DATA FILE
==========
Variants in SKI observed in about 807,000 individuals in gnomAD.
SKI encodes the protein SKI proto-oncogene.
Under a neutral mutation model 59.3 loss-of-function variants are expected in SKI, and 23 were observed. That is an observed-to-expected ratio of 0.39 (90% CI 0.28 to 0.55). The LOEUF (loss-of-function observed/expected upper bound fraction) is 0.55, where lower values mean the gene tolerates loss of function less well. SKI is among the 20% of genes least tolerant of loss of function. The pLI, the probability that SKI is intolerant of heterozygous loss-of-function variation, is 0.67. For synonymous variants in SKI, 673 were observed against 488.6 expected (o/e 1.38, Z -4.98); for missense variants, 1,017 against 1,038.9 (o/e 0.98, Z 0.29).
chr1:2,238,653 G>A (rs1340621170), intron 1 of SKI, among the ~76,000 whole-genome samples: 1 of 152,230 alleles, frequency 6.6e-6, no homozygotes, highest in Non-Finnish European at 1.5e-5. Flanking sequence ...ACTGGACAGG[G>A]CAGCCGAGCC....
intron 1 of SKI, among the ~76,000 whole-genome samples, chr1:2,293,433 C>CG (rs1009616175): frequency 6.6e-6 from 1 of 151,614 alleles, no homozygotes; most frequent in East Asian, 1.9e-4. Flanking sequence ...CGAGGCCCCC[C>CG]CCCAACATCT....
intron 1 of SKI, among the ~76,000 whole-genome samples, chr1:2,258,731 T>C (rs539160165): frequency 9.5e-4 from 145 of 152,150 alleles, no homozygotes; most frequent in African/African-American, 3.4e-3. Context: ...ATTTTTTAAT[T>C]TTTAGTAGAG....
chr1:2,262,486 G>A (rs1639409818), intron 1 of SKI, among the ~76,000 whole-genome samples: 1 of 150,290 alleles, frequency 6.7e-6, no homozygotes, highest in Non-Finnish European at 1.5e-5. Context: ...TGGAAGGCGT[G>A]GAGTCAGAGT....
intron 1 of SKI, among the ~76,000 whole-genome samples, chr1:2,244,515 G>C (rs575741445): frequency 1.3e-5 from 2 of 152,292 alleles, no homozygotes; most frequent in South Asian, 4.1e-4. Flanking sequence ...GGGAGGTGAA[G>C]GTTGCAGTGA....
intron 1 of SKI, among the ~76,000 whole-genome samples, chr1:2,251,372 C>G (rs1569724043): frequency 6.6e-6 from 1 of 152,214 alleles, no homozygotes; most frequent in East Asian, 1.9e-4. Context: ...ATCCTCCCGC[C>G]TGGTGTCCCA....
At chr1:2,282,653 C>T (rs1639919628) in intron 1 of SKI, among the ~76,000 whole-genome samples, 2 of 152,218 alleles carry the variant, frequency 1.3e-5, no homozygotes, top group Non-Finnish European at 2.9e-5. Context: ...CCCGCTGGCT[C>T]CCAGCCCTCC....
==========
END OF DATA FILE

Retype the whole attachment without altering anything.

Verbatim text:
Variants in SKI observed in about 807,000 individuals in gnomAD.
SKI encodes the protein SKI proto-oncogene.
Under a neutral mutation model 59.3 loss-of-function variants are expected in SKI, and 23 were observed. That is an observed-to-expected ratio of 0.39 (90% CI 0.28 to 0.55). The LOEUF (loss-of-function observed/expected upper bound fraction) is 0.55, where lower values mean the gene tolerates loss of function less well. SKI is among the 20% of genes least tolerant of loss of function. The pLI, the probability that SKI is intolerant of heterozygous loss-of-function variation, is 0.67. For synonymous variants in SKI, 673 were observed against 488.6 expected (o/e 1.38, Z -4.98); for missense variants, 1,017 against 1,038.9 (o/e 0.98, Z 0.29).
chr1:2,238,653 G>A (rs1340621170), intron 1 of SKI, among the ~76,000 whole-genome samples: 1 of 152,230 alleles, frequency 6.6e-6, no homozygotes, highest in Non-Finnish European at 1.5e-5. Flanking sequence ...ACTGGACAGG[G>A]CAGCCGAGCC....
intron 1 of SKI, among the ~76,000 whole-genome samples, chr1:2,293,433 C>CG (rs1009616175): frequency 6.6e-6 from 1 of 151,614 alleles, no homozygotes; most frequent in East Asian, 1.9e-4. Flanking sequence ...CGAGGCCCCC[C>CG]CCCAACATCT....
intron 1 of SKI, among the ~76,000 whole-genome samples, chr1:2,258,731 T>C (rs539160165): frequency 9.5e-4 from 145 of 152,150 alleles, no homozygotes; most frequent in African/African-American, 3.4e-3. Context: ...ATTTTTTAAT[T>C]TTTAGTAGAG....
chr1:2,262,486 G>A (rs1639409818), intron 1 of SKI, among the ~76,000 whole-genome samples: 1 of 150,290 alleles, frequency 6.7e-6, no homozygotes, highest in Non-Finnish European at 1.5e-5. Context: ...TGGAAGGCGT[G>A]GAGTCAGAGT....
intron 1 of SKI, among the ~76,000 whole-genome samples, chr1:2,244,515 G>C (rs575741445): frequency 1.3e-5 from 2 of 152,292 alleles, no homozygotes; most frequent in South Asian, 4.1e-4. Flanking sequence ...GGGAGGTGAA[G>C]GTTGCAGTGA....
intron 1 of SKI, among the ~76,000 whole-genome samples, chr1:2,251,372 C>G (rs1569724043): frequency 6.6e-6 from 1 of 152,214 alleles, no homozygotes; most frequent in East Asian, 1.9e-4. Context: ...ATCCTCCCGC[C>G]TGGTGTCCCA....
At chr1:2,282,653 C>T (rs1639919628) in intron 1 of SKI, among the ~76,000 whole-genome samples, 2 of 152,218 alleles carry the variant, frequency 1.3e-5, no homozygotes, top group Non-Finnish European at 2.9e-5. Context: ...CCCGCTGGCT[C>T]CCAGCCCTCC....